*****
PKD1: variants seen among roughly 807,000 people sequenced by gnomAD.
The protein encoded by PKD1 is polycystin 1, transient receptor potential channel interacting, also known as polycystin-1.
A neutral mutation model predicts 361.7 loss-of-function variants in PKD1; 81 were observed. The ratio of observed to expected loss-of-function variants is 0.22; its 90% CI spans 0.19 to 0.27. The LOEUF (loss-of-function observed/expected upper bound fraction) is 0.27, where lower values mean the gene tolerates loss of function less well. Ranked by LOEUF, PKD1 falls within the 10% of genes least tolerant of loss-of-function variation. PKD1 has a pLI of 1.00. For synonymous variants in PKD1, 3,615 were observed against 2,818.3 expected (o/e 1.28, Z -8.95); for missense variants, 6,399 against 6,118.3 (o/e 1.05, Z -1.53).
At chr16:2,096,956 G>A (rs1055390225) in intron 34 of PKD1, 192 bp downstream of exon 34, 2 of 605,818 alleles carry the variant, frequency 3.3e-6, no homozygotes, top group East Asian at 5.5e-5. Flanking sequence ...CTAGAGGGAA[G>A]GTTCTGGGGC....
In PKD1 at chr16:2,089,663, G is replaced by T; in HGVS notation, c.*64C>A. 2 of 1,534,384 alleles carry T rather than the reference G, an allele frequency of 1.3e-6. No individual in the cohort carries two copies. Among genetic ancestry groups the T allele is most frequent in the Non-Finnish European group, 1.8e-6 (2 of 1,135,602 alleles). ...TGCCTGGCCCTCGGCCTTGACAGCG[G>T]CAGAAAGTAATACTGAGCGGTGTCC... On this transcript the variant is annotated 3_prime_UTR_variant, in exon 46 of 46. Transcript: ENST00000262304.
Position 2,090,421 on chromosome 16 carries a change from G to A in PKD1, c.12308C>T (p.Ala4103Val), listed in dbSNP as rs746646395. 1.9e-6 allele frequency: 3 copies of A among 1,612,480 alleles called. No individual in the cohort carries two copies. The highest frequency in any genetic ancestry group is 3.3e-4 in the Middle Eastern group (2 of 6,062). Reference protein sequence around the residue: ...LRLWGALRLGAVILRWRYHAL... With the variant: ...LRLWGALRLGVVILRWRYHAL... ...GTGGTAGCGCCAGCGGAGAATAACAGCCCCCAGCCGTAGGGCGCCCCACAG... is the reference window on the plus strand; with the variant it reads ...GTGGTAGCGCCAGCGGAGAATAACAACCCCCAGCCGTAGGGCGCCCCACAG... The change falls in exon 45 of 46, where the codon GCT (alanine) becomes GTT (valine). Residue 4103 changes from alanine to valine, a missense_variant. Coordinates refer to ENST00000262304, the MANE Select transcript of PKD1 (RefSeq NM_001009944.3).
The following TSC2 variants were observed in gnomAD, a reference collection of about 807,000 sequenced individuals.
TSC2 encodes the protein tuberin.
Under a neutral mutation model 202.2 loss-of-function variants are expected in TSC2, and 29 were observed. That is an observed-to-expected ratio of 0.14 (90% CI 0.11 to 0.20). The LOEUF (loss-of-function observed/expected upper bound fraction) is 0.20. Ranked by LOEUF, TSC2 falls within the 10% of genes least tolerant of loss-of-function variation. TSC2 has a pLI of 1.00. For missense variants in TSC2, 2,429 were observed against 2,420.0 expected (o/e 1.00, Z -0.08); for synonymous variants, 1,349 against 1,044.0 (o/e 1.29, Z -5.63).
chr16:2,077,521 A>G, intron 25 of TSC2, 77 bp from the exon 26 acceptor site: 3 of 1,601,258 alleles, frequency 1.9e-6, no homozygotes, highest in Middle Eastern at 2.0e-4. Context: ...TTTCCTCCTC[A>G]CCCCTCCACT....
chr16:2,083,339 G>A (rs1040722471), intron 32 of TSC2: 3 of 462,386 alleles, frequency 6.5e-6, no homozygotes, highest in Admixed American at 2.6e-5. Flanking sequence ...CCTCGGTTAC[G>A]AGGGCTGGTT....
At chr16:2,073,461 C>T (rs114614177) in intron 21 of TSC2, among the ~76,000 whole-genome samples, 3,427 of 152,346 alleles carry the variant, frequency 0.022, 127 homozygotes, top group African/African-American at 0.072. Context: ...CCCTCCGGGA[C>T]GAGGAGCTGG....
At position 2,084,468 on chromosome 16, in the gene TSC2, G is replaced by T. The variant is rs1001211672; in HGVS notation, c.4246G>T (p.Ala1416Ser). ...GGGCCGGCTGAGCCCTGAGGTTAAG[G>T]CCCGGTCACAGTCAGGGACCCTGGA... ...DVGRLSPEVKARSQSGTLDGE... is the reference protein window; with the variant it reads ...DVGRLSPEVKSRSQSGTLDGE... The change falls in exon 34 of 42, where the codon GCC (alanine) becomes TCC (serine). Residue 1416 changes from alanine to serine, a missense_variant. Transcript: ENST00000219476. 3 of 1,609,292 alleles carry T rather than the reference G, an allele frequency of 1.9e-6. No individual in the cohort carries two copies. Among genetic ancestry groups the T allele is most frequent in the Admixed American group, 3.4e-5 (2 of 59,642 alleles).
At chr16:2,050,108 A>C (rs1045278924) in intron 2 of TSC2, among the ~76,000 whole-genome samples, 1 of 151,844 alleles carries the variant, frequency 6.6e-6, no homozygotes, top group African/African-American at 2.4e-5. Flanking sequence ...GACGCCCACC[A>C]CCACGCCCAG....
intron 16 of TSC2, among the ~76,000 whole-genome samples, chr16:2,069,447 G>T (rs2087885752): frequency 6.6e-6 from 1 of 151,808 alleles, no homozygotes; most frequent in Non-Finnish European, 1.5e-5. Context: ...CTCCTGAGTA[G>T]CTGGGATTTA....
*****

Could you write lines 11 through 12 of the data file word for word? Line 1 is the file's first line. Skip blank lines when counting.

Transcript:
chr16:2,083,339 G>A (rs1040722471), intron 32 of TSC2: 3 of 462,386 alleles, frequency 6.5e-6, no homozygotes, highest in Admixed American at 2.6e-5. Flanking sequence ...CCTCGGTTAC[G>A]AGGGCTGGTT....
At chr16:2,073,461 C>T (rs114614177) in intron 21 of TSC2, among the ~76,000 whole-genome samples, 3,427 of 152,346 alleles carry the variant, frequency 0.022, 127 homozygotes, top group African/African-American at 0.072. Context: ...CCCTCCGGGA[C>T]GAGGAGCTGG....